Yes, that PPE has been an issue, obviously. Speaking with Minister Hunt this morning, there is a large amount of procurement going on to bring the necessary equipment in as we need it.

But that certainly is under consideration and work is going ahead in making sure that those hospitals will be resourced.

As far as workforce goes, we are looking at bringing extra workforce in, whether it's recently retired doctors or nurses staff, medical students possibly could fill in the gap in some places under supervision.

But also you mentioned, in your introduction, the telehealth changes, and that will enable more doctors to work via Telehealth.

So doctors who may be older, maybe have some chronic issues that would make them vulnerable to see patients, or doctors with young children or who are pregnant, can still deal with and talk to patients now over Telehealth.

So not only will patients be able to use Telehealth to keep them away from potential infection that are gathering in doctors’ surgeries, we'll be able to bring a lot more doctors online as well because people who may be concerned about working in a public practice can work very effectively with Telehealth.

SINEAD MANGAN:

I spoke to a doctor today who works in a regional hospital that takes in a population of 55,000. He said he has four ventilators at his disposal. I suppose - I mean, if we do this maths, I mean, the maths are horrific if one per cent of the population gets sick, you know, you only have to think through that. What contingencies are there for intensive care in regional hospitals?

MARK COULTON:

So there is obviously procurement of ventilators happening at the moment and that process is in place.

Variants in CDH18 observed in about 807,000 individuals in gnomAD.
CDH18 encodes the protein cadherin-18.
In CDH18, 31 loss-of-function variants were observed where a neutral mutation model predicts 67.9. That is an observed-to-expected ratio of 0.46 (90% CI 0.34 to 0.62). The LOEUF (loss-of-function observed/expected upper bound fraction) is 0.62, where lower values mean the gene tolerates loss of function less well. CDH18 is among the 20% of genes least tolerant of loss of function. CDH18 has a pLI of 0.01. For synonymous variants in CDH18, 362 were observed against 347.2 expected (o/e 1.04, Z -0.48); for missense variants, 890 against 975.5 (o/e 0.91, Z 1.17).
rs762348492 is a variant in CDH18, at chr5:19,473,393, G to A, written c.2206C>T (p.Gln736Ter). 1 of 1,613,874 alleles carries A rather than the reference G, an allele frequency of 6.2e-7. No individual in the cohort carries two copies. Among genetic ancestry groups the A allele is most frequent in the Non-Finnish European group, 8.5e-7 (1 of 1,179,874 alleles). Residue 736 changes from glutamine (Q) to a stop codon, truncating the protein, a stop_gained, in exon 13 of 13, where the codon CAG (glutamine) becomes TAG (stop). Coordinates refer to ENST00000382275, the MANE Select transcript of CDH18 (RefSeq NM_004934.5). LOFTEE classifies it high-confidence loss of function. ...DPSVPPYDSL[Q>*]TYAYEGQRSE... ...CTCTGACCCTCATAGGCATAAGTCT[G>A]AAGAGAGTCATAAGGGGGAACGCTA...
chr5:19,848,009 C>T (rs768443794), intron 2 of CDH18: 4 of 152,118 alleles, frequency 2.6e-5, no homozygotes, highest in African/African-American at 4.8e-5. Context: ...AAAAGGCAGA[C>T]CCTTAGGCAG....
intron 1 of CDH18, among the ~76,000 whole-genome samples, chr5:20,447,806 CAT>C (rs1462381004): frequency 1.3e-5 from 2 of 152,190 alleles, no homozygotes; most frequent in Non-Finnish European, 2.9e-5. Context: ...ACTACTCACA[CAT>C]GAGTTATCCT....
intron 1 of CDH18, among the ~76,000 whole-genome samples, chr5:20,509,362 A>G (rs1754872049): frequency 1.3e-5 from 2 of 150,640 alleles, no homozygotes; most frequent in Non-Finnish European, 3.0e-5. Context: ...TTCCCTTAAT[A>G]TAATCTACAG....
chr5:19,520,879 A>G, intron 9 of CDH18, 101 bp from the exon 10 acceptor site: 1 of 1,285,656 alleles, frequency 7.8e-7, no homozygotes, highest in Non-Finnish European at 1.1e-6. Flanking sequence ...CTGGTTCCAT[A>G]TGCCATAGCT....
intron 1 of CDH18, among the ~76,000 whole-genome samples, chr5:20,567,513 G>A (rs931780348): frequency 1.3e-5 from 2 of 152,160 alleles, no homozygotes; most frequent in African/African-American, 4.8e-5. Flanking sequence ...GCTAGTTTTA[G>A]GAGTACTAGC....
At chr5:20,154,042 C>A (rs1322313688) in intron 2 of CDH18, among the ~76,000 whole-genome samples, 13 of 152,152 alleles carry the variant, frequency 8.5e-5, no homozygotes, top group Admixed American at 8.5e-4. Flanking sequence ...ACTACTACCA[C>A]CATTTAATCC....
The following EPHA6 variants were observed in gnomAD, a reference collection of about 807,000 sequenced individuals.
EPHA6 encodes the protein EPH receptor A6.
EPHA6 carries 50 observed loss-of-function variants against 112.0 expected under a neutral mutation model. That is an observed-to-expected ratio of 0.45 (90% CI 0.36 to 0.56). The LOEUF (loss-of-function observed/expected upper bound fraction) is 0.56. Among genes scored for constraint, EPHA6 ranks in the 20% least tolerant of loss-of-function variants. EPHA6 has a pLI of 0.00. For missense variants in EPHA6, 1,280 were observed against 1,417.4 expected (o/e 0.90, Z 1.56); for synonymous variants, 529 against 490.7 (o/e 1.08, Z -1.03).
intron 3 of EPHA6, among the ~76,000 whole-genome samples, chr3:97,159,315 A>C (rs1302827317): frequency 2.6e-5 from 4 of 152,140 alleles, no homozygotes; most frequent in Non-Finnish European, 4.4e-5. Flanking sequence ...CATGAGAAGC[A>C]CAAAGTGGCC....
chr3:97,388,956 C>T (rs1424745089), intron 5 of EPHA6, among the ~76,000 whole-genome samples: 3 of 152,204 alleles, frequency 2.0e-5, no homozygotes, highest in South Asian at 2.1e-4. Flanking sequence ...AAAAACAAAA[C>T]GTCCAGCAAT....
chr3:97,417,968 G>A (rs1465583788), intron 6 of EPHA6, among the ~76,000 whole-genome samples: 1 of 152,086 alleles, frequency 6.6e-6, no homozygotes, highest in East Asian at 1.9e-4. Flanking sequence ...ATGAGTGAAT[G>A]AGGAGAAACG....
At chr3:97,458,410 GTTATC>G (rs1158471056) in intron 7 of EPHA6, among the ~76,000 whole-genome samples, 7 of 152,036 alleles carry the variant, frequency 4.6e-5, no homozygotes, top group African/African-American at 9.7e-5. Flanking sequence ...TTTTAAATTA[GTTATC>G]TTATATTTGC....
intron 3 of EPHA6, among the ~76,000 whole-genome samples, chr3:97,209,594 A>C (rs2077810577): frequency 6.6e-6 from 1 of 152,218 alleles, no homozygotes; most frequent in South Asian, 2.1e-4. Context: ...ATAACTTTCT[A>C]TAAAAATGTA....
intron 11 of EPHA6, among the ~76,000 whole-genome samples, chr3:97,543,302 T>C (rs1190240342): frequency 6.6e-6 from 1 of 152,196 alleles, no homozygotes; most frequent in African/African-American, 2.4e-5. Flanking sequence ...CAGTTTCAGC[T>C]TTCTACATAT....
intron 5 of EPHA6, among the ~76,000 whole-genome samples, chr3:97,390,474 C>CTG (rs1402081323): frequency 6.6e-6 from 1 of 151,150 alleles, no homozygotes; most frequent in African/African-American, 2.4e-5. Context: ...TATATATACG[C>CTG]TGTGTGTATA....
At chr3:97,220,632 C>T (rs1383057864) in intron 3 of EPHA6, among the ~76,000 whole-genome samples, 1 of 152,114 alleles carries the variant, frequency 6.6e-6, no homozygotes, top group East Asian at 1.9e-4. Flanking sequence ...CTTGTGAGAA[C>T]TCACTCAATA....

The fever clinics in these larger centres will have the ability - Aspen Medical who have a lot of experience in setting up hospitals in Africa or in war zones and places like that have been tasked with rolling out a lot of these clinics that can be set up - particularly if there’s an area in a town like you’ve mentioned that has a hot spot of people where that resources can come through.

But the point about the number of ventilators, it still reinforces why we are taking the other actions we are at the moment to try and keep as many people as safe as possible, and keep that level of infection as low as possible so that we can have the resources to handle the numbers of people coming through.

If we end up with a big spike, then that’s what makes it difficult to treat the patients.

At this stage all of those scenarios are being played out at the highest of levels, and we are watching as the virus does progress across the country.

SINEAD MANGAN:

Minister, you refer to fever clinics. Are fever clinics for testing or for treating?

MARK COULTON:

They can be both. In the first instance, they would be for testing. And testing has become an issue for some, but probably by the time I’ve finished speaking to you today, we’re close to 150,000 tests, certainly more than 140,000 tests in Australia, with a positive rate of less than 1 per cent.

So, a lot of people are being tested.